I have a whole new appreciation for Ashton Kutcher.
See, when I first heard there was going to be a humor issue of The Statement on April Fool’s Day, I had what I thought at the time to be a brilliant idea. I’m going to pull stupid pranks on unsuspecting University students and write about it.
Little did I know that “punking” strangers involves two things: an utter disregard for the well-being of those around you and a douchebag factor of at least 85 on a 100-point scale. So kudos to you, Mr. Kutcher. Your inherent assholeness is quite an impressive feat.
I have no problems with pranks — when they’re between friends who have a legitimate shot at seeking revenge. One of my crowning achievements is placing an open can of mustard-flavored anchovies under the seat of my friend’s car. It roasted in the sun and smelled for days.
And nothing beats putting Spam under car-door handles.
But as my friends and I brainstormed ideas for this piece, there was one recurring theme: I felt like a prick just thinking about doing this stuff. The ideas rolled in:
Saran-wrap the toilets in Angell Hall. Not only would I totally ruin a stranger’s day, but I’m pretty sure that’s, like, a felony or something.
Pour baby oil all over a hallway. Hilarious until someone breaks a bone or gets oil all over his or her term paper, which would inevitably spur some especially intense students to violence.
Streak naked through the streets of Ann Arbor. And land myself on the sex offender list.
But since I committed to this assignment, I had to bite the bullet and do some stupid things. I decided all I needed was some fishing wire, Silly String, a banana costume (try and imagine the look on the store clerk’s face as she rang up that order) and the testicular fortitude to go through with this.
So, Saturday night, I sat calmly on the corner of my bed, breathing deeply and convincing myself that no one was going to catch me as I sprinted past the line at Scorekeeper’s armed with two cans of Silly String.
I meticulously slipped the banana suit over my body and sighed. It was kind of like that scene before the big fight in “The Wrestler”, where I didn’t know if I would survive the wrath of on-the-prowl, button-down-shirted Skeep’s patrons.
The only thing I could say on the car ride there was, “This is a bad idea.” Frat-tastic bros, alcohol, having to stand in an enormous line and some little jackass in a banana costume spraying everyone with green foam — well, you can see how that’s just not a good mix. It took me a good minute to finally step out of the car, but once I did, it was on.
I ran toward the line, my Silly String cocked and loaded. At first, no one reacted as the foam floated over the hoards of miniskirts shuffling towards the door. But then it came:
“Hey, fuck you, asshole!” people screamed. I had one thing to my advantage: no one wanted to sacrifice their place in line to come punch me in the head.
As I doubled back to spray everyone again, I felt hands grabbing for me, heard more obscenities screamed at me and watched as girls in tight, shiny tops acted as if the Silly String was acidic instead of, well, just Silly String.
I saw one guy duck under the rope, and I knew it was time to G.T.F.O., if you know what I’m saying. Channeling the type of strength a mother has when her child is in danger, I full-out leaped over the hood of a car to get out to the street and away from the line.
I looked back to see one bro running after me, screaming, “Hey, fucker, get back here!” I hopped in the getaway car, two freshly empty cans of Silly String in my hands, shaking from adrenaline and excitement. My getaway driver was incredulous that I had gone back down the line to spray everyone again.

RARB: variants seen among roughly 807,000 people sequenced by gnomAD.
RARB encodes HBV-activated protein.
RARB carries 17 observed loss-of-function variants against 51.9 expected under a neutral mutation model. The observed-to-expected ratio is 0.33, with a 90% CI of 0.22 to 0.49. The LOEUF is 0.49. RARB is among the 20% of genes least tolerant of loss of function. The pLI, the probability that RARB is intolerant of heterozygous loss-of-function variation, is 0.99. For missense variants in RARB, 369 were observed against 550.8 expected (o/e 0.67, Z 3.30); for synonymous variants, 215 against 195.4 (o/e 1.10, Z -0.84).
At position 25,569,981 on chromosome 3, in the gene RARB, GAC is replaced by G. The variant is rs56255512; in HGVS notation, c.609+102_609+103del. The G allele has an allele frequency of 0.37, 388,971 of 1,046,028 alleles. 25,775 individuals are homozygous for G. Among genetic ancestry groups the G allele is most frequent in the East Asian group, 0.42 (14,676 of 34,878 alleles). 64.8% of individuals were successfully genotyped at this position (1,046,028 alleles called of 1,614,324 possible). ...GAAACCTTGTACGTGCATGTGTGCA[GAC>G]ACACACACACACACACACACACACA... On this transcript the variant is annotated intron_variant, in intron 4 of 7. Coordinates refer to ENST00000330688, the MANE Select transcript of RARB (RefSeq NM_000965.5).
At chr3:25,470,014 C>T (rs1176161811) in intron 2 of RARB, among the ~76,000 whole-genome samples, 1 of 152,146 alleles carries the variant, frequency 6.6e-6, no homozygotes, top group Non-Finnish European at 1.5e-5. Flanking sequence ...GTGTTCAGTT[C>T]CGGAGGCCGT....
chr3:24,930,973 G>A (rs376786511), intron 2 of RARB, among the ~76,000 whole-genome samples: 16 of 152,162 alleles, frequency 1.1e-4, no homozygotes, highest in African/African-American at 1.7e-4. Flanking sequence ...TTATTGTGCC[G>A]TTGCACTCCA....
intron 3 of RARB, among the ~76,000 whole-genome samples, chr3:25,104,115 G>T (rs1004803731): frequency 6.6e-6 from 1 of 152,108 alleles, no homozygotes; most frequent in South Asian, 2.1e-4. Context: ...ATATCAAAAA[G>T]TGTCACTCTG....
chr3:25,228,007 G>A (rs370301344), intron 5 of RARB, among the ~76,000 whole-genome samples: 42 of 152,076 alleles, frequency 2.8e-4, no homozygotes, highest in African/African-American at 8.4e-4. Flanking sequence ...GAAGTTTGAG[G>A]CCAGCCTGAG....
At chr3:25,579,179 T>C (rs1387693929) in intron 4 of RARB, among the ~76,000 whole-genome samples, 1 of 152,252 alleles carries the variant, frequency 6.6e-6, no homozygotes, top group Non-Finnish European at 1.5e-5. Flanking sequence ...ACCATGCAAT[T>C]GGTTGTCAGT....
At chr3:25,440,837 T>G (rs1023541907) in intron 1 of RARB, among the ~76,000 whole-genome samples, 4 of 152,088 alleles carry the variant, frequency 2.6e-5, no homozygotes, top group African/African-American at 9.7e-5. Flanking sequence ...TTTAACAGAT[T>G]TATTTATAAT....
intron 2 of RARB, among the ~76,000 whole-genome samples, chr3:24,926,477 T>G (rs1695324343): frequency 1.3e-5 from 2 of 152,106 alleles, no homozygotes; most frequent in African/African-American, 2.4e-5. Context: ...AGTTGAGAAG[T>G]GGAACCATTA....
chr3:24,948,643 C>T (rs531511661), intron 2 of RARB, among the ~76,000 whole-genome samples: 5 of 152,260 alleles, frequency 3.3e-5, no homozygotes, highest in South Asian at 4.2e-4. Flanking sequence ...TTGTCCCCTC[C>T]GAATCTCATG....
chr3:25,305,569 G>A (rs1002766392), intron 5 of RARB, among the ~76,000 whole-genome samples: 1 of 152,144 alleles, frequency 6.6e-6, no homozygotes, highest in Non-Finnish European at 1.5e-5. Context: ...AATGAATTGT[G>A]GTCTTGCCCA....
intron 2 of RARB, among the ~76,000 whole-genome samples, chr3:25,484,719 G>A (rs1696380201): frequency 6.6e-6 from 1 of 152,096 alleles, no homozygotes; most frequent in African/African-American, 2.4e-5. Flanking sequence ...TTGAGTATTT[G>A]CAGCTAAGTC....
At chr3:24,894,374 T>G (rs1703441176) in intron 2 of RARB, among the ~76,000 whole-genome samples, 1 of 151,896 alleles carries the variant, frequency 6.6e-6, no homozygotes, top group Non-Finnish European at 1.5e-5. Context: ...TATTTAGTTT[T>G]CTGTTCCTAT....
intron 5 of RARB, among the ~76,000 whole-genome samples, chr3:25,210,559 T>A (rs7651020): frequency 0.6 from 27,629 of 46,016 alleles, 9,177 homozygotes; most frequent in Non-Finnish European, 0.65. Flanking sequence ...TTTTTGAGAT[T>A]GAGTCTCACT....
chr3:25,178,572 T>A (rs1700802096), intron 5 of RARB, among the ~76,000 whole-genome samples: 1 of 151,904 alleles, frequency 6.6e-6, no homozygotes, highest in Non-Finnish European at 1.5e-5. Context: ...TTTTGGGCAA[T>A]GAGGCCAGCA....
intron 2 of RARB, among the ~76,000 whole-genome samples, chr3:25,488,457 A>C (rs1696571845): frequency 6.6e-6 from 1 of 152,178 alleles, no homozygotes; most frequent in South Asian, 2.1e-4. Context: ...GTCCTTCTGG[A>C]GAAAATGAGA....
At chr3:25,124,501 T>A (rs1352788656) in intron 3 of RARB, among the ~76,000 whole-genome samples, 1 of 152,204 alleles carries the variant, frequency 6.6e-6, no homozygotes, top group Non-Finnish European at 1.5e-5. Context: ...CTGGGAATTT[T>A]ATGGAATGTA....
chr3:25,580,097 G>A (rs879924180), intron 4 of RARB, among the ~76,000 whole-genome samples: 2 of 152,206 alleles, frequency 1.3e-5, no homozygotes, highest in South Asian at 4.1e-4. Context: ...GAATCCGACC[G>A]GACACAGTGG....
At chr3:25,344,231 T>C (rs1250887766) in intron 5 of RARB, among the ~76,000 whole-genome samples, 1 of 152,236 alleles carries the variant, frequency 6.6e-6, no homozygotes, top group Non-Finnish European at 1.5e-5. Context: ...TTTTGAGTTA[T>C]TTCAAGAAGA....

If prank one was one big rush of adrenaline, prank two was all about being patient.
My friend and I taped a five-dollar bill to a long string of clear fishing wire. The resulting prank was exactly like a long, boring day of fishing.
We stood off of South University Street, near TCF Bank, with the money sitting in a very visible place on the sidewalk. If there’s one lesson to be learned, it’s that no one at the University looks down when they walk. Either that or out-of-staters are so wealthy, $5 on the sidewalk isn’t worth enough to bend down and pick it up.
I spent about 20 minutes at that spot, but nobody fell for it. People stepped on and biked over the bill. Two women had a five-minute conversation less than three feet away from it. Incredulous, I decided to try my luck at the Diag. I planted the bill near the ‘M’ in the center of the diag, sat in the grass nearby and waited again.
Finally, a girl spotted the bill, bent down and picked it up. She had it in her hand before I yanked it away.
Without reaction and without looking up, she simply walked away as if nothing happened.
A few moments passed before a kid on a bike doubled back to scoop up the bill. When I pulled it away, he looked up, laughed and said, “Ahh, I thought it was my day,” before wheeling away.
And shortly after that, three friends who were walking through the Diag spotted the bill on the ground. One picked it up excitedly. I yanked the fishing line, forcing it out of the first kid’s hands. As the three argued about who had seen the bill first, one of them — a student who I later learned was Engineering sophomore Zunail Meredia — stepped on the bill, picked it up and pulled hard enough to tear it from the string.
He offered to give the money back, but I figured it was karma for pulling the prank in the first place — I let him keep it.
So, there it is. Happy April Fool’s Day, everyone!
My sincerest apologies to any bro whose hair gel reacted badly with the Silly String or anything like that. But it couldn’t have been worse than being covered in foam or written on with highlighters — things many college students do willingly.